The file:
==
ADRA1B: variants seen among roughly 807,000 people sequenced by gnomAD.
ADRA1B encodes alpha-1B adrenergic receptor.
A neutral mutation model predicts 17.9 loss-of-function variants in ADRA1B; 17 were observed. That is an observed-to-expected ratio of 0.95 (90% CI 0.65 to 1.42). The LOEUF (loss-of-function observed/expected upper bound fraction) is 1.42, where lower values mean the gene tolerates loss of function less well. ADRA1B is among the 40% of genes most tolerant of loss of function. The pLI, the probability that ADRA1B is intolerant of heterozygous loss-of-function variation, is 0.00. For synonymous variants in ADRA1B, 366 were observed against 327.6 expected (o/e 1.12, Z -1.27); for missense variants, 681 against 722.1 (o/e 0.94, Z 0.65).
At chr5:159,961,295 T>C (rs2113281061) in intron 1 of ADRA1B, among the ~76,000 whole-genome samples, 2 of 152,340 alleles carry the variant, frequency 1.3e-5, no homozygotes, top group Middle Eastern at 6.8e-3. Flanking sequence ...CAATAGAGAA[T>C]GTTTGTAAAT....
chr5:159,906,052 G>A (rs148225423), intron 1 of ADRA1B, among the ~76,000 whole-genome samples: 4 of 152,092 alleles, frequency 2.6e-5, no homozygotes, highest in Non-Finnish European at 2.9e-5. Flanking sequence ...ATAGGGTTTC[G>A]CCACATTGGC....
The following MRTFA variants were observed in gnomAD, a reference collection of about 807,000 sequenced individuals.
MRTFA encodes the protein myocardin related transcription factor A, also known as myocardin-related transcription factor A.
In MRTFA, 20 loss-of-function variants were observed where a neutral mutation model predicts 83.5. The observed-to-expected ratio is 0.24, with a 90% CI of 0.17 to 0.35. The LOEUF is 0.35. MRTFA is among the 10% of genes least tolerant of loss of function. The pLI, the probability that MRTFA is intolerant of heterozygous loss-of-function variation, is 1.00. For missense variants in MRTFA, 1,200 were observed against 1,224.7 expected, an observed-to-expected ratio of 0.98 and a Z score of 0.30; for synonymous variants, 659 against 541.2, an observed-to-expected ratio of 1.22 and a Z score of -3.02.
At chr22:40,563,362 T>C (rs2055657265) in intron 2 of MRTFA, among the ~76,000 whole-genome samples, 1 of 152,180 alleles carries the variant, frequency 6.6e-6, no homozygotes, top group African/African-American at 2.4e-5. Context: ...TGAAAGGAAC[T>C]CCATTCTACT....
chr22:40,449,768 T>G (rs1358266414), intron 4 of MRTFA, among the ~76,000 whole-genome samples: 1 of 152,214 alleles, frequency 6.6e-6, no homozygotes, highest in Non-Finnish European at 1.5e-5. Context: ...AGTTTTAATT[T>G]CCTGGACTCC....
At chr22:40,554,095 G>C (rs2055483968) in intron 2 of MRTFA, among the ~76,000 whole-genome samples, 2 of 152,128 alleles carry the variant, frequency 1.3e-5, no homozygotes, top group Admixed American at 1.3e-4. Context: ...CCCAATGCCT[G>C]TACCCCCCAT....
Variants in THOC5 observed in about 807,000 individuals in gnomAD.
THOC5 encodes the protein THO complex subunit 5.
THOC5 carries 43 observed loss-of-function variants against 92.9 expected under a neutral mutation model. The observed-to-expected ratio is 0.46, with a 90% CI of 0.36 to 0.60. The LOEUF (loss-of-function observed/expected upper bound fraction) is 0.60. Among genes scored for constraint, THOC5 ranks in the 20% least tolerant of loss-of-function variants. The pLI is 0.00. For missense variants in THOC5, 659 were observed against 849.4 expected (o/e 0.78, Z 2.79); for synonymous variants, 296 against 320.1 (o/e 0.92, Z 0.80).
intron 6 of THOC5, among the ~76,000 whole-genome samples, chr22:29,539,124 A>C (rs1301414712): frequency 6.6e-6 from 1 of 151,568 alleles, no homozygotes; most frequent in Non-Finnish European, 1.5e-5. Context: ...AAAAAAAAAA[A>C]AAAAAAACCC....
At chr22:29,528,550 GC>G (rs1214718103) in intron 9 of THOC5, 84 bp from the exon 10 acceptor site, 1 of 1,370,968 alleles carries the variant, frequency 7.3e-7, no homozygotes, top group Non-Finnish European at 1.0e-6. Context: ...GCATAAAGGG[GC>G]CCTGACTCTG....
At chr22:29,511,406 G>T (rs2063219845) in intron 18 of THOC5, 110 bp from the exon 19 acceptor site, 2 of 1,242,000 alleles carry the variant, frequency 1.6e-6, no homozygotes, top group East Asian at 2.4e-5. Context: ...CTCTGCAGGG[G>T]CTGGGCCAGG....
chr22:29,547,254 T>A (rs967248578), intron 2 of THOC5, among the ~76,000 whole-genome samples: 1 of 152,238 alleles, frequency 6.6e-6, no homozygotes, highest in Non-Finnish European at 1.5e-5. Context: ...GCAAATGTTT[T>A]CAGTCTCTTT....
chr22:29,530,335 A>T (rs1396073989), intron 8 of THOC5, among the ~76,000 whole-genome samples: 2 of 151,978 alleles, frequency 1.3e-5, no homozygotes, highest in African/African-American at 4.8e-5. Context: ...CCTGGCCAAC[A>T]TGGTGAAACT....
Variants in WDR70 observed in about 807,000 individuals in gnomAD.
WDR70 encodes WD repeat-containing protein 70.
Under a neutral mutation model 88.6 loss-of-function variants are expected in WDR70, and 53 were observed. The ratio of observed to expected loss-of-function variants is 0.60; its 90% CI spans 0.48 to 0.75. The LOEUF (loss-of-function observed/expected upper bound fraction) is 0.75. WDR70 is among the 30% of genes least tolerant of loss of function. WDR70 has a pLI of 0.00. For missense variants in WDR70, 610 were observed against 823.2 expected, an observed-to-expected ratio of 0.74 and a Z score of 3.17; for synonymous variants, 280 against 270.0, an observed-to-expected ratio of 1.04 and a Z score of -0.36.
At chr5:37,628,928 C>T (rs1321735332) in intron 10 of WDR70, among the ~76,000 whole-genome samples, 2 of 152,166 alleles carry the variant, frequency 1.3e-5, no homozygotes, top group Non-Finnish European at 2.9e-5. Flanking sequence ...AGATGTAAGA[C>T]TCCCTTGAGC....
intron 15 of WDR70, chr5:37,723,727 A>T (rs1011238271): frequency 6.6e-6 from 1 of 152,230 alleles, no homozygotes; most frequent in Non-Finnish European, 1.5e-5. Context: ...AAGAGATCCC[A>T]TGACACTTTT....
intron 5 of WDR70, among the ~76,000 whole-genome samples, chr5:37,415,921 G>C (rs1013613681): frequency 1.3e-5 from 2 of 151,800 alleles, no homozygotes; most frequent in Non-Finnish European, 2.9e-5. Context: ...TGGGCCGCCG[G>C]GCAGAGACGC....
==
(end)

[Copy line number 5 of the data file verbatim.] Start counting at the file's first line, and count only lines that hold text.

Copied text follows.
chr5:159,906,052 G>A (rs148225423), intron 1 of ADRA1B, among the ~76,000 whole-genome samples: 4 of 152,092 alleles, frequency 2.6e-5, no homozygotes, highest in Non-Finnish European at 2.9e-5. Flanking sequence ...ATAGGGTTTC[G>A]CCACATTGGC....